More info: Publisher’s Weekly review; author page at the Complete Review; a report from a reading in the Columbia Spectator.

UPDATE, 8/21: Lev Grossman turns in a long(ish) profile of Franzen for Time.

UPDATE, 8/30: Michiko Kakutani, reviewing the book in the New York Times, isn’t as willing to suspend her dislike of the subject matter as I was.

UPDATE, 8/31: Emily Gordon at Emdashes weighs in on Kakutani’s review: “Does Michiko Kakutani have trouble with despair? Specifically, understanding what it might be like to be caught in it? Her self-congratulatory review . . . would seem to suggest that this is so, which would be an unfortunate deficiency in a critic of literature.”

UPDATE, 9/5: James Marcus published a review in this weekend’s Los Angeles Times Book Review, and links to it (with a brief preface) from his blog, House of Mirth.

UPDATE, 9/6: Today, a ringing endorsement from New York Observer books editor Adam Begley. The lede:

I’m not sure I can tell you the difference between a “personal history” and a memoir, but Jonathan Franzen’s contribution to the genre is so expertly shaped and composed, so genuinely, organically thought-provoking, that I wish I could yank it off the shelf where it will inevitably sit with the autobiographical writing of other hip authors perhaps too young to be writing autobiography (Dave Eggers’ A Heartbreaking Work of Staggering Genius, Rick Moody’s The Black Veil, Jonathan Lethem’s The Disappointment Artist, etc.), and toss it into the bleak anonymity of some loosely defined territory like “General Nonfiction.” The only problem is that the six essays in The Discomfort Zone, though they tackle topics as various as Charles Schulz, Franz Kafka and bird watching, are frankly autobiographical. Together they add up to an account, often artfully indirect, of Jonathan Franzen’s protracted coming-of-age—a period that overlaps, in part, with his development as a novelist. Though it never actually mentions either his first two novels or The Corrections (2001), The Discomfort Zone doubles as a map of the route Mr. Franzen traveled to get to the point where he could write his wonderful third novel. So this is, willy-nilly, a writer’s personal history.

UPDATE, 9/9: Here’s Theo Schell-Lambert’s review in the Village Voice.

UPDATE, 9/29: A review by Marjorie Kehe from the Christian Science Monitor

Leon Wieseltier and Jed Perl discuss inflicting “deep damage”

The Beiderbecke Affair has posted an excerpt of a conversation between The New Republic’s Leon Wieseltier and Jed Perl, held earlier this year at the 92nd St. Y and reprinted in Columbia Magazine. Here is the first part of that excerpt:

Leon Wieseltier: I think that if a critic discovers a book or a show that he finds pernicious, it is his solemn responsibility to try to do as much damage to the fortunes of that as he possibly can.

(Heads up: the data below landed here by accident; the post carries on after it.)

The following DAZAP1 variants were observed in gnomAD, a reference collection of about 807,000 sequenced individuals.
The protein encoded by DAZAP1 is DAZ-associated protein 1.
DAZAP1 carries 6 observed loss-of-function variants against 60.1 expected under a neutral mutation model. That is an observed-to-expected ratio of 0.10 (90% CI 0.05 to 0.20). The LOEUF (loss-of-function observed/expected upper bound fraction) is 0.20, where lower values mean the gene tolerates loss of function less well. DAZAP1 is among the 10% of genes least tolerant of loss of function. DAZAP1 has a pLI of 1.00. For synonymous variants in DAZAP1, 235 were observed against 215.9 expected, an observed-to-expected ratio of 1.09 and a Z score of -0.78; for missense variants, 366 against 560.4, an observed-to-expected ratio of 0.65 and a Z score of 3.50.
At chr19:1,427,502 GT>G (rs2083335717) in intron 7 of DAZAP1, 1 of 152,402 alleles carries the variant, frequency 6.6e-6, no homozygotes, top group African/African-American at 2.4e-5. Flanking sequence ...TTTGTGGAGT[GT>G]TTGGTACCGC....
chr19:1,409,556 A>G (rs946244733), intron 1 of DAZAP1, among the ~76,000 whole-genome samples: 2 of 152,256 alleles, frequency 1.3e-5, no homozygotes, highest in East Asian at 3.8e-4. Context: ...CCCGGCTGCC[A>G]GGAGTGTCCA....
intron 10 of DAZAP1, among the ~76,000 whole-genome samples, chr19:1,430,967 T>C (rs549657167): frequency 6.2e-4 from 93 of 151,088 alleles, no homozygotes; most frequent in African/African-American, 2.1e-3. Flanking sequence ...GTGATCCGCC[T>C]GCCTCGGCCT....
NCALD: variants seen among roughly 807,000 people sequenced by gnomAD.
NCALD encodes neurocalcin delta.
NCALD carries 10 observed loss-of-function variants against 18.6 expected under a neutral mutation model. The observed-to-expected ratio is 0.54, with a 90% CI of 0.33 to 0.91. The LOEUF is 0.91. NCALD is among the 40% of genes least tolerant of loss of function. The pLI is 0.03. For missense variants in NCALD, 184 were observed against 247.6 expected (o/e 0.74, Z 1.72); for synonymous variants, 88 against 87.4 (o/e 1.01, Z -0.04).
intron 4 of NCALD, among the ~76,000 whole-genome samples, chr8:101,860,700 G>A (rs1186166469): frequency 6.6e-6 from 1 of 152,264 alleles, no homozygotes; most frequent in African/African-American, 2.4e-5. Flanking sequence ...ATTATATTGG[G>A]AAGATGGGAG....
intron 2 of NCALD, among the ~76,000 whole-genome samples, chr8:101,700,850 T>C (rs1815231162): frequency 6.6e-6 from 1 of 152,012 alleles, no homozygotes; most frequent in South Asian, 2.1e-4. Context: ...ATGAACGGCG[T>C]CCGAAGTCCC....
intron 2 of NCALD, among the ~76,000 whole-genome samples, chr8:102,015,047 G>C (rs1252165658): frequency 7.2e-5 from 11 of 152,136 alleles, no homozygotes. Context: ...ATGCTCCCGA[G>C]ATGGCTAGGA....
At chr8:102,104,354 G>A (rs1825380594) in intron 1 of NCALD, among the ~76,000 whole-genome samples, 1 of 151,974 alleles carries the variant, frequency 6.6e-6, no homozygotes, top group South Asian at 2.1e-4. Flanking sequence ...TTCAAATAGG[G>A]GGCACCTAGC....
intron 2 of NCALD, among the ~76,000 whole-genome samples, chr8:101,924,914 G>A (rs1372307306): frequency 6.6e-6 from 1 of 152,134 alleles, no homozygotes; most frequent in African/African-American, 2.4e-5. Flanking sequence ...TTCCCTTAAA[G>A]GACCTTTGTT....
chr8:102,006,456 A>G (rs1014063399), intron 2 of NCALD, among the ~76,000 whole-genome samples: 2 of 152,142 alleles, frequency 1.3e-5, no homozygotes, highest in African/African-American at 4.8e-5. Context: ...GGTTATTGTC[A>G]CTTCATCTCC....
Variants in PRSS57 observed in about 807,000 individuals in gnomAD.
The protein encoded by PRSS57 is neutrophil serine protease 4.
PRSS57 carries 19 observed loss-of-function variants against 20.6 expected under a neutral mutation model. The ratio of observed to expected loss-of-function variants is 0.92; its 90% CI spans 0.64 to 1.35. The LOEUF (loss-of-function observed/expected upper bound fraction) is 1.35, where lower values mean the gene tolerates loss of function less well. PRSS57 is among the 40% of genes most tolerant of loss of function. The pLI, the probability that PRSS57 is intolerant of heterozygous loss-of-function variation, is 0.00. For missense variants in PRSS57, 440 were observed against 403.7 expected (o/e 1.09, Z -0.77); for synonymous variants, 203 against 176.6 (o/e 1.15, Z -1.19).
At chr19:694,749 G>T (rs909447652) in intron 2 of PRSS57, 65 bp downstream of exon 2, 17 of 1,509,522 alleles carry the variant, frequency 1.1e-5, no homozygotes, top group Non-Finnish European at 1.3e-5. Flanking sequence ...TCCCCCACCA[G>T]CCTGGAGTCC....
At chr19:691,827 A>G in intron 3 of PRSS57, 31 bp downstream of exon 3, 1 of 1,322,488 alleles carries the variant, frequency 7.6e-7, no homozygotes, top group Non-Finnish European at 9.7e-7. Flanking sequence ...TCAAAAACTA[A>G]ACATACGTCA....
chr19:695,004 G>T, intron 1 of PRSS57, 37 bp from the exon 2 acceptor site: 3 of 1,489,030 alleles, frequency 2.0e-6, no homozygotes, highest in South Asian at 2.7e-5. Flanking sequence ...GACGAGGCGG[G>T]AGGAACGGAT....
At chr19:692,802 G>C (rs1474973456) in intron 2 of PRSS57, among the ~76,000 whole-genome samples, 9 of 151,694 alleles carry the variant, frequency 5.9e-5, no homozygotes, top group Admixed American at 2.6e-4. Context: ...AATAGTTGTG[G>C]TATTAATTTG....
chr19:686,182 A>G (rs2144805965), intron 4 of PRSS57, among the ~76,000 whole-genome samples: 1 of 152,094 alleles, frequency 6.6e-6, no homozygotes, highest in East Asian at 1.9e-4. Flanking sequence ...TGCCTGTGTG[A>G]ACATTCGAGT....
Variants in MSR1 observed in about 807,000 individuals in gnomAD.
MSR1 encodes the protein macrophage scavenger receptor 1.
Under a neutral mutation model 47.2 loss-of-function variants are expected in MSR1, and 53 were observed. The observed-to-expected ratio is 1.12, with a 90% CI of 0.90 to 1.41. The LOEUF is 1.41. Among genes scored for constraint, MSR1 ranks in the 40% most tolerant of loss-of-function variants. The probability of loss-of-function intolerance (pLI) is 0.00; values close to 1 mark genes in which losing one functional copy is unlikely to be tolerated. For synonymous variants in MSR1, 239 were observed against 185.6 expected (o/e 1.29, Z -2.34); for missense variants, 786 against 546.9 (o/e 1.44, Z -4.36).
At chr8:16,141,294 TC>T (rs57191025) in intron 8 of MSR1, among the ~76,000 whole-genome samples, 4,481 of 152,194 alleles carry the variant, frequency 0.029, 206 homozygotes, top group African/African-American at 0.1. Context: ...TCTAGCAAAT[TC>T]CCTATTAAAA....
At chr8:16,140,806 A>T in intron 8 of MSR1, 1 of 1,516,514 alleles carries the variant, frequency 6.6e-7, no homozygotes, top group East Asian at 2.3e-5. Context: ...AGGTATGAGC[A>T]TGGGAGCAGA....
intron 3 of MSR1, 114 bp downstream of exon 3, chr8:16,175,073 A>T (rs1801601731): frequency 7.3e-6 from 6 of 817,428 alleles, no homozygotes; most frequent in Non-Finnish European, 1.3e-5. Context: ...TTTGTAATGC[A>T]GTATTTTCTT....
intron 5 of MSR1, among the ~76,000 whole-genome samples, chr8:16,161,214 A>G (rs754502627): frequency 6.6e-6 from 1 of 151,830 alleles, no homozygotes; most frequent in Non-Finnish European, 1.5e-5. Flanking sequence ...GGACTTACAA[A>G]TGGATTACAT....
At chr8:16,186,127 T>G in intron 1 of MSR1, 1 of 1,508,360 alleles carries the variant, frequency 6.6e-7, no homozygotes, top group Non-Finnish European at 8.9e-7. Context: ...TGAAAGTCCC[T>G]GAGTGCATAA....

Jed Perl: Totally. But the damage needs to be deep damage. It has to be damage that has an intellectual complexity to it. It’s not the kind of damage necessarily that knocks a book or a show out that day. It’s the kind of damage that even people who totally disagree are worrying about six months or six years later.

LW: I’ve always found that the really valuable attacks by critics only look like attacks. In fact, they’re defenses of things the critic believes have been attacked. They are responses to attacks.

JP: One of the things people forget or simply don’t understand is that the hardest thing a critic can do is write an extended attack on something you really and truly don’t like. It is awful to do. It’s hard. Very, very difficult. You have to think about he people you don’t agree with and what they think. You have to get into their minds. You have to develop arguments that are compelling. It’s much more fun to celebrate.

LW: I think that’s true, but there’s a lot of very empty praise out there—to the point where there are very few critics of any art form that I would trust about buying a book or going to see a ballet. Too many people are nice to too many people.

JP: That’s completely true, which means that it’s all the more important, when one wants to praise something, to praise it in a complex, substantial way. I’m not against attacks. I’ve done my share.

But one of the central obligations of the critic is to develop, over a period of time, a kind of verbal authenticity. I’m talking about a critical voice that tells the reader who this human being, who this critic, really is . . .

Click the first link above to read the rest, as well as instances of Wieseltier putting this theory into action.

“Uncertain States of America” at Bard (2 of 2) (warning: long post)

(The audience five minutes before the panel began.)

On Saturday afternoon I participated in a panel discussion at the opening of “Uncertain States of America” (see pictures two posts below), along with Yean Fee Quay, head of the exhibition department at the Reykjavik Art Museum (a future venue for the show), P.S. 1’s Bob Nickas, the Whitney’s Chrissie Iles, independent curator Molly Nesbit, and Trevor Smith, a curator at the New Museum. I was the youngest person on the dais by a fair margin; many more people whose work I respect sat in the audience; everyone offered pointed criticism and spirited defenses, and expressed themselves rather candidly—at least more so than at any other panel discussion I have participated in. I spoke third, after Iles and Nesbit, and was a little too nervous to phrase my thoughts very well. So this is a (hopefully) more coherent recapitulation of what I said.